Young Mr Turner: A Conversation with Eric Shanes

To delve very far inside Turner’s mind we need to get inside his art, for that is almost completely where he kept it.

A complex figure, and divisive during his lifetime, Joseph Mallord William Turner (1775-1851) has long been considered Britain’s greatest painter. The new biography of the artist, Young Mr Turner: The First Forty Years, 1775–1815, gives a comprehensive and engaging account of Turner’s early life, drawing together recent scholarship, correcting errors in the existing literature and presenting a wealth of new findings. 

Eric Shanes, author of this magnificent, lavishly illustrated volume, has devoted his life to studying the man and his oeuvre, and explains that ‘I never tire of looking at his works. He is inexhaustible’. To find out more about Turner, and why he is such a perennial figure of interest for so many, we asked Eric Shanes some questions about his own fascination with England’s greatest Romantic landscapist.  


 Young Mr Turner: A Conversation with Eric Shanes

Yale University Press: Why your life-long interest in Turner?

Eric Shanes: I discovered Turner’s work when I was a schoolboy. His intense sense of the beauty of the world, his sense of almost cosmic scale and of grandeur, his unsurpassed awareness of detail, his responsiveness to the appearances of things and his amazing technical virtuosity all profoundly stirred me. That love has lasted a lifetime, and I never tire of looking at his works. He is inexhaustible.

Young Mr Turner

Fisherman at Sea, 1796

YUP: How did you begin working on Turner?

ES: One evening in 1977 my wife and I had some friends over for dinner. As they constituted a very successful man-and-wife publishing team, the conversation naturally turned to books, and then progressed to the manuscripts that our guests frequently received from authors hoping to find a publisher. At that point I piped up, ‘Oh, I’ve got an idea for a book’. Instinctively our friends flinched, groaned, grimaced and glumly exchanged deeply meaningful glances. Clearly they were thinking ‘We are eating this man’s dinner and so we’ll have to humour him. But how do we tell him his idea stinks?’ Very reluctantly, therefore, one of them made the necessary enquiry. ‘Well’, I declared, ‘there is this group of marvellous watercolours by Turner known as the ‘England and Wales’ series. It has never been exhibited in its entirety and it could only ever be reconstituted within the covers of a book. Let me tell you all about it…’..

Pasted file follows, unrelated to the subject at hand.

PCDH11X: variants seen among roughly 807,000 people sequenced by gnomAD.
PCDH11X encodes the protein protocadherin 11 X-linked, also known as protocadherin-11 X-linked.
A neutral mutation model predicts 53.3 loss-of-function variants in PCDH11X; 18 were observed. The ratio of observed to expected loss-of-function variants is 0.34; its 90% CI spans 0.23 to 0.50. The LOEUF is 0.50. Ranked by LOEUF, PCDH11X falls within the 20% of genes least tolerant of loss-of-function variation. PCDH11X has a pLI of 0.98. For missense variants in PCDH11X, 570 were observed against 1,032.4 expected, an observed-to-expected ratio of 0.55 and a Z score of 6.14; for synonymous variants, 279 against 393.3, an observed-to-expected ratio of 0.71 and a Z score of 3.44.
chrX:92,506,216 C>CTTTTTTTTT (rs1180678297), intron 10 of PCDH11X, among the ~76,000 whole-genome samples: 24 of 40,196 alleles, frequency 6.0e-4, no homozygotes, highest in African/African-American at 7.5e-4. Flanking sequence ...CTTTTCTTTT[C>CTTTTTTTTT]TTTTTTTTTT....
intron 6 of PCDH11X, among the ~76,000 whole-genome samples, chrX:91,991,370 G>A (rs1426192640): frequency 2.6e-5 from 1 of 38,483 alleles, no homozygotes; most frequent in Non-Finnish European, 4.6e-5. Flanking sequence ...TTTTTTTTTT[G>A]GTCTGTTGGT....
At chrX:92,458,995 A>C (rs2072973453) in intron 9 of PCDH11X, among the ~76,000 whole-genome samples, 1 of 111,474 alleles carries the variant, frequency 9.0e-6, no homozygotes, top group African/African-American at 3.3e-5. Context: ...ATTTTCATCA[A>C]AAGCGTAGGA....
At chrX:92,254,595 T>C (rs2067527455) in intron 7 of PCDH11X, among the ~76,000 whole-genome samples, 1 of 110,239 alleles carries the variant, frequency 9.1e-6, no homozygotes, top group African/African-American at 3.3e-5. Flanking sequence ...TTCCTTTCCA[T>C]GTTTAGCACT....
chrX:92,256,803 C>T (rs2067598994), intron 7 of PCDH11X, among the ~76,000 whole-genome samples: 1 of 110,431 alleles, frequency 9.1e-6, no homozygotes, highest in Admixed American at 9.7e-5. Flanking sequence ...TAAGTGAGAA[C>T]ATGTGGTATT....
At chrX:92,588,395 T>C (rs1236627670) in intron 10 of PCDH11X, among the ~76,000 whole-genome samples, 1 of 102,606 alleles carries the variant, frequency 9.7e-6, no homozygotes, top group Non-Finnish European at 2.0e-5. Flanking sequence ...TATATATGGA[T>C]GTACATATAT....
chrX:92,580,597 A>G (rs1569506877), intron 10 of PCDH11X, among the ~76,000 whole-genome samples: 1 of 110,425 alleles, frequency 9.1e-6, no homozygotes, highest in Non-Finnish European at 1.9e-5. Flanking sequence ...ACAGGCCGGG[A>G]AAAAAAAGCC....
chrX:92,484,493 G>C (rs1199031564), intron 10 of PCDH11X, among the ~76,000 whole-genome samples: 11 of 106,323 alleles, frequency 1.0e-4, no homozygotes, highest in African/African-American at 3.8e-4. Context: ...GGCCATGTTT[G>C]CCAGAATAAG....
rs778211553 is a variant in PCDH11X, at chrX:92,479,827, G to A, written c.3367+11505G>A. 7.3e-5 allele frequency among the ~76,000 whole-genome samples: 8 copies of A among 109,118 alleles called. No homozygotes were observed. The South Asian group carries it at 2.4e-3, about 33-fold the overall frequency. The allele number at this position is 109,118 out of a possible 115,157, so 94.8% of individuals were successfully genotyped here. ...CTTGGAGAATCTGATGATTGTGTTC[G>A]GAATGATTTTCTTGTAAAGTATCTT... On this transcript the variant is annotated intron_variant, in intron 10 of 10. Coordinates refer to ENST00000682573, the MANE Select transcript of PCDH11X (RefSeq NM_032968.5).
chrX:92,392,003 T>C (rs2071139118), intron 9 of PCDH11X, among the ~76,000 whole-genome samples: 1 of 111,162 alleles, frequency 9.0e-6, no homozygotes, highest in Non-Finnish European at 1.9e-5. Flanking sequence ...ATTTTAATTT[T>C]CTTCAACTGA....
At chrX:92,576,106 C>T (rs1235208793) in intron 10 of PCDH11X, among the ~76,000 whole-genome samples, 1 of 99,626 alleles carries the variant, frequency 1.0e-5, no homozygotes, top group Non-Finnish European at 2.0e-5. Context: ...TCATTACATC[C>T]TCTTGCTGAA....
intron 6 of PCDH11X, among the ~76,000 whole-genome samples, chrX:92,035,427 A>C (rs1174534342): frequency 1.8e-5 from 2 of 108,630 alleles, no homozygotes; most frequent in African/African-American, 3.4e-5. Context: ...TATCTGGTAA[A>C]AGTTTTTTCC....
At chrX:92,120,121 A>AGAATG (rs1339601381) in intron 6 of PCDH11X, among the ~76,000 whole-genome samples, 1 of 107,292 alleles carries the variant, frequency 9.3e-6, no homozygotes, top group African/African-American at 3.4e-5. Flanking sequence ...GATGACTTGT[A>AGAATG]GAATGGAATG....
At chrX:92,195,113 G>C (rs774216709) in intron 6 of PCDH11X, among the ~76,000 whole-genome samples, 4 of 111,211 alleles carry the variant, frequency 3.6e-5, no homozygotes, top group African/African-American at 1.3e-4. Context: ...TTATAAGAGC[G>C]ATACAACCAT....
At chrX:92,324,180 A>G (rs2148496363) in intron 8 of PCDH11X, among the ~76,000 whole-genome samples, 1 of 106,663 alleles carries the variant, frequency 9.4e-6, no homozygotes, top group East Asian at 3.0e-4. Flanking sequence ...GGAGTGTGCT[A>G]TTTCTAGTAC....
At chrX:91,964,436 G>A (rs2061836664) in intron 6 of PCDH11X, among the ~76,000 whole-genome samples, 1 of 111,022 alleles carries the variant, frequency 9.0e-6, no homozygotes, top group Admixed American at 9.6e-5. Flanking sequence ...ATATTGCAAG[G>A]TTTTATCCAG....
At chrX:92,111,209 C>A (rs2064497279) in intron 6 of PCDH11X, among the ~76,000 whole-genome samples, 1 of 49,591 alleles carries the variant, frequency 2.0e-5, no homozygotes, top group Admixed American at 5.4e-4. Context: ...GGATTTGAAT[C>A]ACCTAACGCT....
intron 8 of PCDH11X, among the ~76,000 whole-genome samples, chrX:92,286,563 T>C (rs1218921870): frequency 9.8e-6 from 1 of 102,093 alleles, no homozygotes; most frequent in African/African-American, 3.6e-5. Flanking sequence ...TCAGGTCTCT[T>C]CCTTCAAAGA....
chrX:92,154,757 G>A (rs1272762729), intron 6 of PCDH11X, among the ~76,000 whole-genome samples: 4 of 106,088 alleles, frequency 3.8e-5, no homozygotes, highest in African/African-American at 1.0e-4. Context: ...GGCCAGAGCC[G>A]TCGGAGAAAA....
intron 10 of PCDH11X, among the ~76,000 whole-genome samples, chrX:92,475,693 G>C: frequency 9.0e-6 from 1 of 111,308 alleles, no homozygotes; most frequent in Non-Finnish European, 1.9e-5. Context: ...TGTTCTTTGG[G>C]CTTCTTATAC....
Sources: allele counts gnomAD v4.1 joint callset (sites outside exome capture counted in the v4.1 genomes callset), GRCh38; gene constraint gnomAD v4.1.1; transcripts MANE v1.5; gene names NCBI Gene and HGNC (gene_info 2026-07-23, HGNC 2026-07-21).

Our friends listened with jaws agape. They loved the idea – indeed, they loved it so much that within three weeks they had given me both a contract and an advance. The huge strength of their professional instincts was subsequently proven by the fact that the resulting publication went on to sell 35,000 copies, a then-record for an expensive art book and the most copies of a single book on Turner that have ever been sold. The rest, as they say, is history, with one book leading to another. To date I’ve written 24 books and exhibition catalogues, as well as innumerable essays and the like, many of them on Turner. Other artists on whom I’ve written include Brancusi, Warhol, Dalí, the Impressionists in London and Winslow Homer.

YUP: Why did you write Young Mr Turner, The First Forty Years, 1775-1815?

ES: At the centre of our understanding of any artist’s work stands a biography that new discoveries can, in a sense, be fitted into to fill out the narrative. With Turner that central life of the artist is now over 75 years old. Although three more biographies have appeared since, like their three predecessors they each share two interrelated failings: they are virtually unillustrated and — because they therefore lack almost any user-friendly means of exploring the artist’s images — they are forced to dwell mostly on Turner the man, even though Turner the man is always far less than half the story. Divorced from his painting, Turner’s life is rather thin stuff for a biographer. But no biography should ever limit itself to the actions and personal relationships of its subject; instead, it should help us enter that person’s mind, to find out exactly what made or makes them tick. To delve very far inside Turner’s mind we need to get inside his art, for that is almost completely where he kept it. By means of 500 illustrations and the detailed analysis of many of his images, it is hoped that a great deal of that reach is attained in my study of the first half of the artist’s life.

YUP: Will you be giving us the second half of that life?

ES: Indeed, I plan to begin work on it very shortly, so that the painter’s life story can reach its conclusion in just a few years time.


Eric Shanes is a professional painter, independent art historian and lecturer. He is a leading expert on Turner, a vice president of the Turner Society, and the author of many books on the artist, including Turner’s England (1990) and Turner’s Watercolour Explorations (1997).


Young Mr Turner: The First Forty Years, 1775–1815 by Eric Shanes is available from Yale University Press

Young Mr Tuner

 

 

 

 

 

 

 

 

 

 

Featured image sourced from wikimedia commons here.

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